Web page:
The city decided to create the ‘green areas inner-city agreement’ (GAIA) based on a public-private partnership model to finance tree planting. Trees can provide necessary cooling during heat waves through evaporation and transpiration, which creates a natural air conditioning effect. Consequently, tree foliage can help to reduce overall temperatures in the city by 4.5 C. The planted trees increase the number of areas with shade in the city and reduce groundwater withdrawals through their capacity of releasing water that they have extracted through their roots into the atmosphere. They also help to preserve vulnerable areas such as river banks and landslides areas through their roots. In addition, green areas can help to decrease air pollution in the city.
The GAIA mechanism is based on the idea to use financial compensation for the carbon footprint of businesses as a main driver for action. The financial compensation is used to purchase plants and maintain trees throughout the city. Participation of the town council and local businesses in the GAIA initiative is on a voluntary basis.
A business that is interested in participating in GAIA can request an easy-to-use tool from the project website. This tool allows businesses to calculate the quantity of carbon dioxide involved in their processes and services. Next the businesses can select the type of partnerships they would like to purchase to neutralize their carbon footprint. The basic partnership is the ELDER TREE PARTNERSHIP, which consists of purchasing 1 to 5 trees. This partnership entails a cost between € 200 and € 1,000. A company that purchases 6 to 20 trees becomes a MAPLE PARTNER. This partnership costs between € 1,200 and € 4,000. Finally, a company can purchase more than 20 trees and become an ELM PARTNER. The costs of this partnership are minimally € 4,200. The number of trees required to compensate the company’s carbon footprint is calculated according to the amount of carbon dioxide which will be absorbed. This is an indicative number; the company makes the final decision on how many trees it wishes to purchase to compensate its emissions.
The city of Bologna has developed clear guidelines that detail the different steps that need to be taken in the process and which party is responsible. The city identifies the cost components, approves the Protocol of Agreement, takes the initiative to start the planting works and pays the tree suppliers. The city also commits to providing a monitoring report every 6 months from the start of the partnership. The company needs to initiate the partnership by providing an expression of interest and sending its data to the city. Once the type of partnership is selected, the company is asked to sign the Protocol. With this Protocol the company agrees to buy the trees and finance the first 3 years of maintenance. A guideline has been developed within the project detailing these steps involved to aid other municipalities or authorities that want to implement the partnership in their own city.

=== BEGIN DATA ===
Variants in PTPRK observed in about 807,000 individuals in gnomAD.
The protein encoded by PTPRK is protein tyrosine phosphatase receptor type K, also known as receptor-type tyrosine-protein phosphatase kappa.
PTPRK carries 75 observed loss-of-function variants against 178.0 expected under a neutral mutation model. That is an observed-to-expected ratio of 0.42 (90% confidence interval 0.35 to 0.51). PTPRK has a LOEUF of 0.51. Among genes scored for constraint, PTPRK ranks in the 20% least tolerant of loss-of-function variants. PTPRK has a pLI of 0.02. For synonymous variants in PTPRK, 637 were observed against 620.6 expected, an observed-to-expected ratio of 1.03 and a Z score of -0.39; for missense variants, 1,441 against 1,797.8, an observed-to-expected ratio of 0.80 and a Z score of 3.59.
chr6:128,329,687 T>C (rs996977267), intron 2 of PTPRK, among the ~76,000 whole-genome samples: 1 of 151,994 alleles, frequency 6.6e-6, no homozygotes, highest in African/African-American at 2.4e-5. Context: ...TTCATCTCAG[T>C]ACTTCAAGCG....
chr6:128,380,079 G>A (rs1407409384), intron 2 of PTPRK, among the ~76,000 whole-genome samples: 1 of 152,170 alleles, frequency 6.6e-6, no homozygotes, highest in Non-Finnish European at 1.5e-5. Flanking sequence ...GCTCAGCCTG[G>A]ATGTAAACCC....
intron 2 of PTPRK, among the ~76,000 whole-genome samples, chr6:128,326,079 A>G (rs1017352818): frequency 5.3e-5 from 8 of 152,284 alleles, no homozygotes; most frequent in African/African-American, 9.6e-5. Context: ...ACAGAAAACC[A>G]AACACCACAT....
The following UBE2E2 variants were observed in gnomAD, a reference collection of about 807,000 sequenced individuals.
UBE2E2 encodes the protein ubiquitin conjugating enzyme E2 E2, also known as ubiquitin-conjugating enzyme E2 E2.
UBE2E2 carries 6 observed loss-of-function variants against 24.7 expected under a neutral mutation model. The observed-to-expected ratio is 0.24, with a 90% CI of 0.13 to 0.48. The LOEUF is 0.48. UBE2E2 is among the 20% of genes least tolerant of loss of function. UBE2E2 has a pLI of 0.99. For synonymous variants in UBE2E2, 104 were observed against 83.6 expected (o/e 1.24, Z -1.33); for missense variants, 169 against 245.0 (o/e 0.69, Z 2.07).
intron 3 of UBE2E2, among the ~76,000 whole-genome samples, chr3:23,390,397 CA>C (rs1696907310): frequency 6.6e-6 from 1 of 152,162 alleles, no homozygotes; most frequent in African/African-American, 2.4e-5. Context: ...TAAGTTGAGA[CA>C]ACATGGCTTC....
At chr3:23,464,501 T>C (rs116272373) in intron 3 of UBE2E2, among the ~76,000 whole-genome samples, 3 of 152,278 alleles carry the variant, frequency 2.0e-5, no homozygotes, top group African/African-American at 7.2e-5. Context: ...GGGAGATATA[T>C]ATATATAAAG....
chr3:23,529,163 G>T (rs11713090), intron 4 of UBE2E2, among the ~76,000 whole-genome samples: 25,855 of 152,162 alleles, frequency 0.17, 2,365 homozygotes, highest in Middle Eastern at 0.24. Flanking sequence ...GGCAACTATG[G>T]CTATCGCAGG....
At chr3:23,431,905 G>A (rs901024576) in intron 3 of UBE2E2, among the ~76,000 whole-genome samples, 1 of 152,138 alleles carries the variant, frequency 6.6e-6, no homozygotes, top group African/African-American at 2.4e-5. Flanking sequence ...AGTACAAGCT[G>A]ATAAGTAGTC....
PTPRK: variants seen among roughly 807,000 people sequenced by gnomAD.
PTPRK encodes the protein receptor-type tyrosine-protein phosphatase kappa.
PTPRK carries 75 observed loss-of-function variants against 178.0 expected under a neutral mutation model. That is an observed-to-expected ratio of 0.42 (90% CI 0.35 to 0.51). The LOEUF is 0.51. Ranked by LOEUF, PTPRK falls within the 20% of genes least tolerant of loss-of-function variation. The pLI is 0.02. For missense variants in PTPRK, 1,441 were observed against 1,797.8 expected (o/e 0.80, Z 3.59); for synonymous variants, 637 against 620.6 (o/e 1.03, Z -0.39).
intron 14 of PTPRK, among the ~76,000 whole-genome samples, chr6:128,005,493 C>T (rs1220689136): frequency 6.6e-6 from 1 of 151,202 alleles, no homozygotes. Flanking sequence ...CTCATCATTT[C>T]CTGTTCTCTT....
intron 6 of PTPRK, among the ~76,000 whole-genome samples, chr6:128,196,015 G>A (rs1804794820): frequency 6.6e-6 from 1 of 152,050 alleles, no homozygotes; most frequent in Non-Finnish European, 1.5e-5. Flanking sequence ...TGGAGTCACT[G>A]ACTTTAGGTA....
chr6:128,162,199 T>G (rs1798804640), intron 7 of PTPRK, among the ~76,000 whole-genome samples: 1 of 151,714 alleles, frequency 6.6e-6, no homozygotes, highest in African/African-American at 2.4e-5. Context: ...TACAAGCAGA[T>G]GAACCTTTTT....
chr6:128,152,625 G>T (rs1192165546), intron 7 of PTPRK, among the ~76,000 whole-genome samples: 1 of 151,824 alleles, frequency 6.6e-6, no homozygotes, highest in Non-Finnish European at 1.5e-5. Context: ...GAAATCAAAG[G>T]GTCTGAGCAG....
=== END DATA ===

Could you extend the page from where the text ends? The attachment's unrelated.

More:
The project was initially tested through 3 pilot areas; 116 trees were planted in the urban park Villa Angeletti, the industrial district Roveri and Palazzo D’Accursio, which is an area in the city centre. Several other green areas, such as urban parks, hillside parks and local recreational areas, have been selected for the GAIA project. In total 23 areas in Bologna were identified at the start of the project that together have a potential of planting 3,000 trees. They all belong to Bologna Town Council and meet a set of requirements: they need to enable trees to absorb carbon dioxide, have environmental value in terms of conservation of biodiversity and protection of the territory, provide a revitalization of the area and social value and have an appropriate geographic location.
At the same time, the GAIA project contributes to the climate adaptation objectives of the Bologna Adaptation Plan to increase the number of green spaces in urban areas and promote urban safety in the face of extreme weather events. Trees have the capacity to increase soil cohesion and therefore can help to prevent landslides and erosion from occurring. On June 4th 2014 the city council approved the signing of “Mayors Adapt”. Bologna was the first Italian city to join the initiative.
The project includes a study through which the shading capacity per tree was assessed. It also established the potential evapotranspiration values of tree species to ensure that a decrease of the urban heat island effect could be realised. These values have been published in a technical guidebook as part of the project. The GAIA project has been complemented by actions to improve emergency management and communication with citizens about heat waves. There are further developments with Bologna currently implementing a GAIA spin-off project for citizens called RADICI. This project is financed through crowdfunding.